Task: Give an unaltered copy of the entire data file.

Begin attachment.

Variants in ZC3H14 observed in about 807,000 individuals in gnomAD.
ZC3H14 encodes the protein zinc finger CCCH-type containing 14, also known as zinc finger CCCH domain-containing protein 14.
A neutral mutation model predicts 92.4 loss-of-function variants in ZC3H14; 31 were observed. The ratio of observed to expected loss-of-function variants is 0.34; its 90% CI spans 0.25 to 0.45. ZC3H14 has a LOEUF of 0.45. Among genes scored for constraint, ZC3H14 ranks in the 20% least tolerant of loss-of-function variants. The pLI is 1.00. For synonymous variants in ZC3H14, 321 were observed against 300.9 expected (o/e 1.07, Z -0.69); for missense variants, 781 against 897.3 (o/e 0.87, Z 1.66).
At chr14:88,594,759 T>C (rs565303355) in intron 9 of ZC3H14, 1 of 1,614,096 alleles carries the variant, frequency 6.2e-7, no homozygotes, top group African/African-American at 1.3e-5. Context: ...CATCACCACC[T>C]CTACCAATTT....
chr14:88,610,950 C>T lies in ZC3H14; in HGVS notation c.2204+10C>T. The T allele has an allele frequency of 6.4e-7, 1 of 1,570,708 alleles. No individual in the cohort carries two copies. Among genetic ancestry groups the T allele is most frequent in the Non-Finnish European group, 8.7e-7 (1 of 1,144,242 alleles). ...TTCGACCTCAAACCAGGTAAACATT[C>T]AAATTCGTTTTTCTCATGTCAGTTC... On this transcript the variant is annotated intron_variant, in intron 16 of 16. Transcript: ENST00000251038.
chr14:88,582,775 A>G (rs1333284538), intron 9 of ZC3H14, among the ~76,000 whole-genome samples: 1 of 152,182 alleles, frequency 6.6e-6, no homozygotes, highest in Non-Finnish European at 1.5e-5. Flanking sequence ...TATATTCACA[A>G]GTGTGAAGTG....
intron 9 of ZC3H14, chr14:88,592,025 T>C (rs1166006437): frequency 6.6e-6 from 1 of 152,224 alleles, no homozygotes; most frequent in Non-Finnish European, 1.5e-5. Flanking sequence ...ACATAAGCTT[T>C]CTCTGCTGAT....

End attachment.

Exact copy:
Variants in ZC3H14 observed in about 807,000 individuals in gnomAD.
ZC3H14 encodes the protein zinc finger CCCH-type containing 14, also known as zinc finger CCCH domain-containing protein 14.
A neutral mutation model predicts 92.4 loss-of-function variants in ZC3H14; 31 were observed. The ratio of observed to expected loss-of-function variants is 0.34; its 90% CI spans 0.25 to 0.45. ZC3H14 has a LOEUF of 0.45. Among genes scored for constraint, ZC3H14 ranks in the 20% least tolerant of loss-of-function variants. The pLI is 1.00. For synonymous variants in ZC3H14, 321 were observed against 300.9 expected (o/e 1.07, Z -0.69); for missense variants, 781 against 897.3 (o/e 0.87, Z 1.66).
At chr14:88,594,759 T>C (rs565303355) in intron 9 of ZC3H14, 1 of 1,614,096 alleles carries the variant, frequency 6.2e-7, no homozygotes, top group African/African-American at 1.3e-5. Context: ...CATCACCACC[T>C]CTACCAATTT....
chr14:88,610,950 C>T lies in ZC3H14; in HGVS notation c.2204+10C>T. The T allele has an allele frequency of 6.4e-7, 1 of 1,570,708 alleles. No individual in the cohort carries two copies. Among genetic ancestry groups the T allele is most frequent in the Non-Finnish European group, 8.7e-7 (1 of 1,144,242 alleles). ...TTCGACCTCAAACCAGGTAAACATT[C>T]AAATTCGTTTTTCTCATGTCAGTTC... On this transcript the variant is annotated intron_variant, in intron 16 of 16. Transcript: ENST00000251038.
chr14:88,582,775 A>G (rs1333284538), intron 9 of ZC3H14, among the ~76,000 whole-genome samples: 1 of 152,182 alleles, frequency 6.6e-6, no homozygotes, highest in Non-Finnish European at 1.5e-5. Flanking sequence ...TATATTCACA[A>G]GTGTGAAGTG....
intron 9 of ZC3H14, chr14:88,592,025 T>C (rs1166006437): frequency 6.6e-6 from 1 of 152,224 alleles, no homozygotes; most frequent in Non-Finnish European, 1.5e-5. Flanking sequence ...ACATAAGCTT[T>C]CTCTGCTGAT....